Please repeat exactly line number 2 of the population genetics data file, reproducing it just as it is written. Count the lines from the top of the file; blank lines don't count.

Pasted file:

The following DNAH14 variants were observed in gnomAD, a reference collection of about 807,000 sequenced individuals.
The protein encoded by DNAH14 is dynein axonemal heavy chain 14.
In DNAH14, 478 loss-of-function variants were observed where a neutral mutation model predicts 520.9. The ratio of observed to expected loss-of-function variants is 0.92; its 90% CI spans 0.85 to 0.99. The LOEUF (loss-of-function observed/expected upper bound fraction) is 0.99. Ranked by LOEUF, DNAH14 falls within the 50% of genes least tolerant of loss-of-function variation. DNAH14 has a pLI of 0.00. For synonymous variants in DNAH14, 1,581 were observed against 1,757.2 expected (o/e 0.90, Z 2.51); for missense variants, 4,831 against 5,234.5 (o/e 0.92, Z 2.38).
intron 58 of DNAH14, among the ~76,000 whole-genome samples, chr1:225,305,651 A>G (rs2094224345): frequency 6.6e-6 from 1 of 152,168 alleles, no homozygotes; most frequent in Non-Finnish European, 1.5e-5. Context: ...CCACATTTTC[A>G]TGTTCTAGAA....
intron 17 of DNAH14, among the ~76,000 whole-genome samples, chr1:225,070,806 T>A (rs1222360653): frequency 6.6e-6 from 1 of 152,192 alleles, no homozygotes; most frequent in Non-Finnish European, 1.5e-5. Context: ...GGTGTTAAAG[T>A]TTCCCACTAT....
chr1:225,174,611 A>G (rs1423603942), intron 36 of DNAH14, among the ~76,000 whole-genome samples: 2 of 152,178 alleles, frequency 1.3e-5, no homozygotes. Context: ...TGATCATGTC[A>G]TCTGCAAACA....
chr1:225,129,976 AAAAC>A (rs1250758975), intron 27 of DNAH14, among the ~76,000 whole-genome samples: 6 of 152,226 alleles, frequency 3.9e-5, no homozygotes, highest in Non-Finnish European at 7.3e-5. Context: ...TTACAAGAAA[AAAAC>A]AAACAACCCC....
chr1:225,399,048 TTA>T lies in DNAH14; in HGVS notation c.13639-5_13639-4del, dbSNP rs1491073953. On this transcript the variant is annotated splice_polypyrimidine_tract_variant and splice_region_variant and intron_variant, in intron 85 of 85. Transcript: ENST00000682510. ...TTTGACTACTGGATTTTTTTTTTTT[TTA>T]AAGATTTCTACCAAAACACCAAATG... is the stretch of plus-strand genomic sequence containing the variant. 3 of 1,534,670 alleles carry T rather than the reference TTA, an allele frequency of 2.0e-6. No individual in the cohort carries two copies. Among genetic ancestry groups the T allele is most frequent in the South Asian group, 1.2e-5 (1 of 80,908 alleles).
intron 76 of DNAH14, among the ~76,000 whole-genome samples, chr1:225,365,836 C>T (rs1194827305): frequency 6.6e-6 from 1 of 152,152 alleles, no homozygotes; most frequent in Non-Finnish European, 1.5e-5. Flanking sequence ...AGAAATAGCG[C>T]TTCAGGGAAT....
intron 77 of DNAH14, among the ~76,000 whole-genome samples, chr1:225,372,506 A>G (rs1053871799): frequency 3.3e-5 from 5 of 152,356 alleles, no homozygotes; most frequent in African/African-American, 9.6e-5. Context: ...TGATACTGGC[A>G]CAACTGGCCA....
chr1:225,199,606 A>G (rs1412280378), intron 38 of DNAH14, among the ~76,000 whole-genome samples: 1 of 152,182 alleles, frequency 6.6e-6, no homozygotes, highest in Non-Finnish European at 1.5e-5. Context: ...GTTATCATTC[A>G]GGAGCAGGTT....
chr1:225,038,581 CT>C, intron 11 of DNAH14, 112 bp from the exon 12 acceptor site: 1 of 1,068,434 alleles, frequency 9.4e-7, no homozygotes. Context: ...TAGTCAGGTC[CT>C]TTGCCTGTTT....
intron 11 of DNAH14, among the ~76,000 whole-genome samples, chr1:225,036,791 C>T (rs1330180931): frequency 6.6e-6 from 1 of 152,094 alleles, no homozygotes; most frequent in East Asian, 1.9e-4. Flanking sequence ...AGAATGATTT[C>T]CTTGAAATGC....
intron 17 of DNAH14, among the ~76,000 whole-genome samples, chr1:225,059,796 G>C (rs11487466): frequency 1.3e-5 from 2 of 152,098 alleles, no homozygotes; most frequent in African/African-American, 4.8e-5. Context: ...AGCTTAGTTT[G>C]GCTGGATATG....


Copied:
The protein encoded by DNAH14 is dynein axonemal heavy chain 14.